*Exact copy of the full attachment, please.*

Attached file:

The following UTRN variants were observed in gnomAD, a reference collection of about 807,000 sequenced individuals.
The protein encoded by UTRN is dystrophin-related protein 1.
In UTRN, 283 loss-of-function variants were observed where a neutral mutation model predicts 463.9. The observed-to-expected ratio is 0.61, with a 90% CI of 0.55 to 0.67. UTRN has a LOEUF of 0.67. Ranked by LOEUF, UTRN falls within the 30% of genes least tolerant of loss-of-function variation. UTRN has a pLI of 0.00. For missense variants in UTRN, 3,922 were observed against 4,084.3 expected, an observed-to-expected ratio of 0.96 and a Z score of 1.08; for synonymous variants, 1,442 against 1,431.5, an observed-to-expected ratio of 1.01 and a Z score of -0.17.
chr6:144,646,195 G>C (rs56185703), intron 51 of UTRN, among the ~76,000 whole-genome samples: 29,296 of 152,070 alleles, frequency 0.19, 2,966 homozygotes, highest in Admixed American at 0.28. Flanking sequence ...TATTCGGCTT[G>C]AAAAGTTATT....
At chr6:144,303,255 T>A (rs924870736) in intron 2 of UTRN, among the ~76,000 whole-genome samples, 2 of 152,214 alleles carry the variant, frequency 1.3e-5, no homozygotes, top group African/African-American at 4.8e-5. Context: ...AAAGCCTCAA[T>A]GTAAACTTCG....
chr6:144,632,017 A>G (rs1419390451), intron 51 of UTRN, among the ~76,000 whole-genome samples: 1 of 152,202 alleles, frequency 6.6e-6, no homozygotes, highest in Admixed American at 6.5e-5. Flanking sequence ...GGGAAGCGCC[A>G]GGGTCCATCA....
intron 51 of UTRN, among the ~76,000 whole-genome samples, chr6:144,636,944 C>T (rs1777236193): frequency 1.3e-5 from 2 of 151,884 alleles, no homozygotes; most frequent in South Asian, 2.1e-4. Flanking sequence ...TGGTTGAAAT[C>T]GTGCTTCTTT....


The following UTRN variants were observed in gnomAD, a reference collection of about 807,000 sequenced individuals.
The protein encoded by UTRN is dystrophin-related protein 1.
In UTRN, 283 loss-of-function variants were observed where a neutral mutation model predicts 463.9. The observed-to-expected ratio is 0.61, with a 90% CI of 0.55 to 0.67. UTRN has a LOEUF of 0.67. Ranked by LOEUF, UTRN falls within the 30% of genes least tolerant of loss-of-function variation. UTRN has a pLI of 0.00. For missense variants in UTRN, 3,922 were observed against 4,084.3 expected, an observed-to-expected ratio of 0.96 and a Z score of 1.08; for synonymous variants, 1,442 against 1,431.5, an observed-to-expected ratio of 1.01 and a Z score of -0.17.
chr6:144,646,195 G>C (rs56185703), intron 51 of UTRN, among the ~76,000 whole-genome samples: 29,296 of 152,070 alleles, frequency 0.19, 2,966 homozygotes, highest in Admixed American at 0.28. Flanking sequence ...TATTCGGCTT[G>C]AAAAGTTATT....
At chr6:144,303,255 T>A (rs924870736) in intron 2 of UTRN, among the ~76,000 whole-genome samples, 2 of 152,214 alleles carry the variant, frequency 1.3e-5, no homozygotes, top group African/African-American at 4.8e-5. Context: ...AAAGCCTCAA[T>A]GTAAACTTCG....
chr6:144,632,017 A>G (rs1419390451), intron 51 of UTRN, among the ~76,000 whole-genome samples: 1 of 152,202 alleles, frequency 6.6e-6, no homozygotes, highest in Admixed American at 6.5e-5. Flanking sequence ...GGGAAGCGCC[A>G]GGGTCCATCA....
intron 51 of UTRN, among the ~76,000 whole-genome samples, chr6:144,636,944 C>T (rs1777236193): frequency 1.3e-5 from 2 of 151,884 alleles, no homozygotes; most frequent in South Asian, 2.1e-4. Flanking sequence ...TGGTTGAAAT[C>T]GTGCTTCTTT....